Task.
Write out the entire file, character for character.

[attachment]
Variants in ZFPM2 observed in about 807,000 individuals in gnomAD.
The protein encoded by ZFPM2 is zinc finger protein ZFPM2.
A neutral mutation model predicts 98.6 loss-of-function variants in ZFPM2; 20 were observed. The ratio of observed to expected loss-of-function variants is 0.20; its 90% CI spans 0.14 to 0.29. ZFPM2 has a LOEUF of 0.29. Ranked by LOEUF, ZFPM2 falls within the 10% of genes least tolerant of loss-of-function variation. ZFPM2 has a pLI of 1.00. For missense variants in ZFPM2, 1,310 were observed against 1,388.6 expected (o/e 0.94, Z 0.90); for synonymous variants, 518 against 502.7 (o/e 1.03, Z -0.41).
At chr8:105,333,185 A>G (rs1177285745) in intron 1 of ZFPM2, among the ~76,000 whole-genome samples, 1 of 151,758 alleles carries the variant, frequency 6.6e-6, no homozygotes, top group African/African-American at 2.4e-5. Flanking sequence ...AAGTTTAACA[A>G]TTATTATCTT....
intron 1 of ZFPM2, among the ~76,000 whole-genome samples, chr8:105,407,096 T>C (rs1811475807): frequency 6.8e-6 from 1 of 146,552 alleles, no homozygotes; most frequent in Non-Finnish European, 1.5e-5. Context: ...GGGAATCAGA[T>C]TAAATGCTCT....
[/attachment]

Variants in ZFPM2 observed in about 807,000 individuals in gnomAD.
The protein encoded by ZFPM2 is zinc finger protein ZFPM2.
A neutral mutation model predicts 98.6 loss-of-function variants in ZFPM2; 20 were observed. The ratio of observed to expected loss-of-function variants is 0.20; its 90% CI spans 0.14 to 0.29. ZFPM2 has a LOEUF of 0.29. Ranked by LOEUF, ZFPM2 falls within the 10% of genes least tolerant of loss-of-function variation. ZFPM2 has a pLI of 1.00. For missense variants in ZFPM2, 1,310 were observed against 1,388.6 expected (o/e 0.94, Z 0.90); for synonymous variants, 518 against 502.7 (o/e 1.03, Z -0.41).
At chr8:105,333,185 A>G (rs1177285745) in intron 1 of ZFPM2, among the ~76,000 whole-genome samples, 1 of 151,758 alleles carries the variant, frequency 6.6e-6, no homozygotes, top group African/African-American at 2.4e-5. Flanking sequence ...AAGTTTAACA[A>G]TTATTATCTT....
intron 1 of ZFPM2, among the ~76,000 whole-genome samples, chr8:105,407,096 T>C (rs1811475807): frequency 6.8e-6 from 1 of 146,552 alleles, no homozygotes; most frequent in Non-Finnish European, 1.5e-5. Context: ...GGGAATCAGA[T>C]TAAATGCTCT....